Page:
Afterward, when the world was exploding around him, he felt annoyed with himself for having forgotten the name of the BBC reporter who told him that his old life was over and a new, darker existence was about to begin. She called him at home, on his private line, without explaining how she got the number. “How does it feel,” she asked him, “to know that you have just been sentenced to death by Ayatollah Khomeini?” It was a sunny Tuesday in London, but the question shut out the light. This is what he said, without really knowing what he was saying: “It doesn’t feel good.” This is what he thought, I’m a dead man.
Salman Rushdie’s new memoir, published this week, Joseph Anton is about his experience of writing what may be the best known and least read book of the twentieth century, The Satanic Verses. Rushdie writes in the third person, because he didn’t want his memoir “to be a diary or a confessional or a rant.”
“He did not feel that his book was especially critical of Islam,” Rushdie writes.
The book took more than four years to write. Afterward, when people tried to reduce it to an “insult,” he wanted to reply, “I can insult people a lot faster than that.” But it did not strike his opponents as strange that a serious writer should spend a tenth of his life creating something as crude as an insult. This was because they refused to see him as a serious writer. In order to attack him, and his work, they had to paint him as a bad person, an apostate traitor, an unscrupulous seeker of fame and wealth, an opportunist who “attacked Islam” for his own person gain. “He did it on purpose.” Well, of course he had done it on purpose. How could one write a quarter of a million words by accident? The problem, as Bill Clinton might have said, was what one meant by “it.”
On some levels, Rushdie’s experience can be compared to the Christ. In both cases, creative genius puts a man at odds with powerful religious leadership, clerics who interpret his work as blasphemous and demand his death. Where they differ — and it’s a crucial point — is that Rushdie’s fate came crashing down upon him. He didn’t foresee it, couldn’t choose it as his own, but Christ did see what was coming and made a choice.
Two distinct mistakes often hinder Christians in understanding their own Christ. Either they naively presume that he walked this earth with the full consciousness of God — never asking themselves how it would be possible to live a human life if one could suddenly speak any language or predict Notre Dame’s move to the Atlantic Coast Conference two millennia in advance. Okay, fine, maybe Jesus and Notre Dame do have a unique bond, but the problem with this approach — one that takes no account of what St. Paul called the kenosis of Christ, his emptying himself so as to take the form of a slave — is that it takes away the true terror of the cross. What would it mean to say that Christ “suffered” death, if his divine consciousness, rather than faith, assured him a return in three days time?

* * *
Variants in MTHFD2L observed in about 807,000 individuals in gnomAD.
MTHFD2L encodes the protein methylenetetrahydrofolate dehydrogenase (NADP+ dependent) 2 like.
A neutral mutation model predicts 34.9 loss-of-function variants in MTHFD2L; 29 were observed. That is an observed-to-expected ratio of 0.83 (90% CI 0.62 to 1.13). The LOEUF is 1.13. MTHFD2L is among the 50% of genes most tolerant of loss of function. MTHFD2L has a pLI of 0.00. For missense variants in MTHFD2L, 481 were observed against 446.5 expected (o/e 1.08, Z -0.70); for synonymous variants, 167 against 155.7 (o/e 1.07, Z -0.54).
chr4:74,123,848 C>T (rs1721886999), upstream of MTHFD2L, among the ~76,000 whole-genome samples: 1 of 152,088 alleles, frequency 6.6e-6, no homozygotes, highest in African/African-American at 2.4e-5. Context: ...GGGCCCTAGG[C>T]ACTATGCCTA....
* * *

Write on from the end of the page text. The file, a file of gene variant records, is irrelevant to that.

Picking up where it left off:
But Christians with more savvy can make a similar mistake, which is to think that Christ was merely a passive victim, that, like Salman Rushdie, his fate came crashing down upon him. Here’s the desperately needed corrective for the second supposition. There’s good reason to believe that Christ chose his fate. One doesn’t need to invest Jesus with full divine consciousness to recognize that he understood himself to be the Son of God, that he came to see that his mission would most likely lead to his death. One need not presume that the Church put posthumous words into the mouth of Jesus when she records him saying, “The Son of Man is to be handed over to men and they will kill him, and three days after his death the Son of Man will rise” (Mk 9:31).
It’s impossible to explain the preparations that Jesus made for his last supper, or the manner in which he transformed the expected Jewish ritual to focus upon his own self donation, without recognizing that he could see death as imminent. As James Martin, S.J., points out in this week’s New York Times — writing in response to a newly discovered manuscript fragment, one which speaks of Jesus’ wife — death’s foreboding may well explain Christ’s still rather solidly documented decision for celibacy.
So what is a modern disciple to learn from this foray into Christology? A lesson the Church has always called Memento Mori, to remember death. Martin Heidegger, the father of twentieth century existentialist philosophy, argued that death brings life into focus, that humans lead inauthentic lives when we forget that, from the moment of our births, we are shot like arrows towards death. The first movement towards authentic existence is to remember what we seek to forget: that our lives are limited, that they take their meaning from the choices we make with the little time given to us. Put bluntly, life is only really lived in the sight of death.
Of course for all his brilliance, I often wonder how much of Heidegger can be traced back to his own, Catholic boyhood. Memento Mori, remembering death, would have been a frequent refrain of Catholic sermons then. Indeed, St. Ignatius of Loyola, in guiding those facing life-changing decisions — ones where they are conflicted rationally but not emotionally — offers this advice. “I will consider, as if I were at the point of death, what procedures and norm I will at that time wish I had used in the present election (choice). Then, guiding myself by that norm, I should make my decision on the whole matter” (Spiritual Exercises # 184). Ironic as it sounds, dreams of death draw the lines of life.
Salman Rushdie was genuinely shocked when he discovered that his work had led to a death sentence. “This is what he thought, I’m a dead man.” Fortunately, Salman Rushdie is still alive, but, if the example of Christ is any guide, knowing that one is a “dead man” is truly a way to live.
Wisdom 2: 12, 17-20 James 3: 16-4:3 Mark 9: 30-37
Rev. Terrance W. Klein